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Title: Advanced research and technology: direct utilization - recovery of minerals from coal fly ash. Technical progress report, 1 January 1981-31 March 1981. [Hi chlor and sintering processes]

Abstract

The purpose of this research is to develop methods to process fly ash for 1) the separation and use of an iron-rich fraction, 2) the recovery of metals (primarily Al and Ti), and 3) use of the process residues. Research on the HiChlor process for the high-temperature chlorination of a fly ash-reductant mixture included investigation of prechlorinations at reduced temperatures to selectively remove iron and titanium, the measurement of gas diffusion rates in delta-alumina pellets, and the consideration of fused salt processes as an alternative to gas-solids reaction. A current cost estimate for the HiChlor process indicates discounted cash flow rates of return for the process of from 6.5 to 43.4 percent. Experiments on the high temperature sintering of limestone-fly ash mixtures include data collected for alumina extractions from sinters prepared using waste materials. High alumina recoveries were obtained from sinters prepared with cement kiln dust, as the lime source, and small amounts of coal refuse. X-ray diffraction measurements were used to identify the soluble and insoluble compounds in several types of sinters. The investigations of the chemical beneficiation of magnetic fly ash to remove alumina and silica indicate that a combination process of a caustic leach and an acidmore » wash will be required for economic processing. The gangue can be extracted by a high temperature caustic process, but the processing conditions and the low solution solubilities due to common ion effects indicate that the equipment and energy requirements will be costly. The use of a combination of caustic leach and acid wash of the magnetic ash residue is effective because the gangue material is dissolved in a caustic solution, then precipitates and is redissolved in a weak acid solution. High-iron content beneficiated magnetic fly ash residues are produced.« less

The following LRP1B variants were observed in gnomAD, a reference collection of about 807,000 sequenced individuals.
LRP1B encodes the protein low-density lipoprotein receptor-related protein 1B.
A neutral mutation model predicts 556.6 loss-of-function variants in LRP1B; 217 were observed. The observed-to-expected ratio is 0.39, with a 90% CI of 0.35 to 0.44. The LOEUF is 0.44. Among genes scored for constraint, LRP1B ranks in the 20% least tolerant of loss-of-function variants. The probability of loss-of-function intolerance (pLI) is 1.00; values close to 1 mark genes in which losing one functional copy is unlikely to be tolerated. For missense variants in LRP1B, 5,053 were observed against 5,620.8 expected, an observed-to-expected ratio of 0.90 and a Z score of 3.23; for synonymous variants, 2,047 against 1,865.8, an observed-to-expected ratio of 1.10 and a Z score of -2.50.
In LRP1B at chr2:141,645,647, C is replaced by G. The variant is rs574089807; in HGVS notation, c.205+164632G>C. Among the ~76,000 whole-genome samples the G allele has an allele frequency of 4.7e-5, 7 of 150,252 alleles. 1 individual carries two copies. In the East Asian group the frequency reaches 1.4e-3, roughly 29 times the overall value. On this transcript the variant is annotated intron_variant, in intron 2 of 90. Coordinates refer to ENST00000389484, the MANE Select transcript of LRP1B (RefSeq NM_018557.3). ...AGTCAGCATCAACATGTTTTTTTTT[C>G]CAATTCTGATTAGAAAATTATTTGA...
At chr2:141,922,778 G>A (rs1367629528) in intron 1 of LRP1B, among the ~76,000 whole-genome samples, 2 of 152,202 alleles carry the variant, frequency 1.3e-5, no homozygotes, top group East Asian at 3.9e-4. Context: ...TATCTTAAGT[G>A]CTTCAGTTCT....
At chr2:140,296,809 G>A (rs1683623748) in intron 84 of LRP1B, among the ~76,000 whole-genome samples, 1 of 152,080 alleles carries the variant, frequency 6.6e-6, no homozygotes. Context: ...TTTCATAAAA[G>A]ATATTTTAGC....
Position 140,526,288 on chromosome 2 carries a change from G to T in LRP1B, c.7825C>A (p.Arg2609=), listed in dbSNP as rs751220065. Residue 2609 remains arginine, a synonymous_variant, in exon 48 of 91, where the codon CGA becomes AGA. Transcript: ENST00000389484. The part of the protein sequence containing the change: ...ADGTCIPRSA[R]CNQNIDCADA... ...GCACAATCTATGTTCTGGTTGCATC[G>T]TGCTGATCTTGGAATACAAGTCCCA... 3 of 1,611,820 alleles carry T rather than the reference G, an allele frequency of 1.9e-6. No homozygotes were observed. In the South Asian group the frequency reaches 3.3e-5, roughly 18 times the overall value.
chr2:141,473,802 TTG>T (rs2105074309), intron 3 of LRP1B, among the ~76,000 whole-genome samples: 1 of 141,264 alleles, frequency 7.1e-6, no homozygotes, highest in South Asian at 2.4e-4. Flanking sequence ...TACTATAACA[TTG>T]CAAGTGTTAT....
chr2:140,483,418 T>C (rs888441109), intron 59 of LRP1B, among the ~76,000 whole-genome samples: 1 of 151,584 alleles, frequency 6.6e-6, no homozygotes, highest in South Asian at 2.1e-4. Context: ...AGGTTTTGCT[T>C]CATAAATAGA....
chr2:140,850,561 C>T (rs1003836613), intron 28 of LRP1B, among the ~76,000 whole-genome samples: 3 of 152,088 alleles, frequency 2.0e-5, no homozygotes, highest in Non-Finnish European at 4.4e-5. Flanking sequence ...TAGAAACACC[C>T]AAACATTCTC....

Authors:
; ;
Publication Date:
Research Org.:
Ames Lab., IA (USA)
OSTI Identifier:
6528361
Report Number(s):
IS-4771
ON: DE81023613
DOE Contract Number:  
W-7405-ENG-82
Resource Type:
Technical Report
Country of Publication:
United States
Language:
English
Subject:
01 COAL, LIGNITE, AND PEAT; 32 ENERGY CONSERVATION, CONSUMPTION, AND UTILIZATION; ALUMINIUM OXIDES; MATERIALS RECOVERY; FLY ASH; CHLORINATION; WASTE PRODUCT UTILIZATION; IRON OXIDES; TITANIUM OXIDES; ALUMINATES; CARBON; ECONOMICS; EXPERIMENTAL DATA; FOSSIL-FUEL POWER PLANTS; HEAVY MEDIA SEPARATION; IRON ORES; LIMESTONE; MINERAL WASTES; SINTERING; SULFUR; USES; AEROSOL WASTES; ALUMINIUM COMPOUNDS; ASHES; CARBONATE ROCKS; CHALCOGENIDES; CHEMICAL REACTIONS; COAL PREPARATION; COMMINUTION; DATA; ELEMENTS; FABRICATION; HALOGENATION; INFORMATION; IRON COMPOUNDS; MANAGEMENT; NONMETALS; NUMERICAL DATA; ORES; OXIDES; OXYGEN COMPOUNDS; POWER PLANTS; PROCESSING; RECOVERY; RESIDUES; ROCKS; SEDIMENTARY ROCKS; SEPARATION PROCESSES; SOLID WASTES; THERMAL POWER PLANTS; TITANIUM COMPOUNDS; TRANSITION ELEMENT COMPOUNDS; WASTE MANAGEMENT; WASTE PROCESSING; WASTES; 010800* - Coal, Lignite, & Peat- Waste Management; 320305 - Energy Conservation, Consumption, & Utilization- Industrial & Agricultural Processes- Industrial Waste Management